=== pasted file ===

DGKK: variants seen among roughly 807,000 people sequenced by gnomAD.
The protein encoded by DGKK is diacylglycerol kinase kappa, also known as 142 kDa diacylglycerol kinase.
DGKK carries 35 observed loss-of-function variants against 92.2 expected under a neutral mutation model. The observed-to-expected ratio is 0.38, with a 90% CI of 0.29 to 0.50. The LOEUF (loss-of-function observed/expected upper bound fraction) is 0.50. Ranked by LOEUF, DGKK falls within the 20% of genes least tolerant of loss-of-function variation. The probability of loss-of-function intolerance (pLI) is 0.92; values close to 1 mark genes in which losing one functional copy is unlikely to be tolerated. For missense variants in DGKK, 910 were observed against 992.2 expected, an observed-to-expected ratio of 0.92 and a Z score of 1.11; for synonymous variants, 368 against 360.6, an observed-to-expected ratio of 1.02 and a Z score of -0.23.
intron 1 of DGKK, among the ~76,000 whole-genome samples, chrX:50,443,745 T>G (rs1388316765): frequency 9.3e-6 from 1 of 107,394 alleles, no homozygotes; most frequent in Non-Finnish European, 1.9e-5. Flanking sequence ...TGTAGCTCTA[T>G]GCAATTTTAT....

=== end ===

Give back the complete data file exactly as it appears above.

DGKK: variants seen among roughly 807,000 people sequenced by gnomAD.
The protein encoded by DGKK is diacylglycerol kinase kappa, also known as 142 kDa diacylglycerol kinase.
DGKK carries 35 observed loss-of-function variants against 92.2 expected under a neutral mutation model. The observed-to-expected ratio is 0.38, with a 90% CI of 0.29 to 0.50. The LOEUF (loss-of-function observed/expected upper bound fraction) is 0.50. Ranked by LOEUF, DGKK falls within the 20% of genes least tolerant of loss-of-function variation. The probability of loss-of-function intolerance (pLI) is 0.92; values close to 1 mark genes in which losing one functional copy is unlikely to be tolerated. For missense variants in DGKK, 910 were observed against 992.2 expected, an observed-to-expected ratio of 0.92 and a Z score of 1.11; for synonymous variants, 368 against 360.6, an observed-to-expected ratio of 1.02 and a Z score of -0.23.
intron 1 of DGKK, among the ~76,000 whole-genome samples, chrX:50,443,745 T>G (rs1388316765): frequency 9.3e-6 from 1 of 107,394 alleles, no homozygotes; most frequent in Non-Finnish European, 1.9e-5. Flanking sequence ...TGTAGCTCTA[T>G]GCAATTTTAT....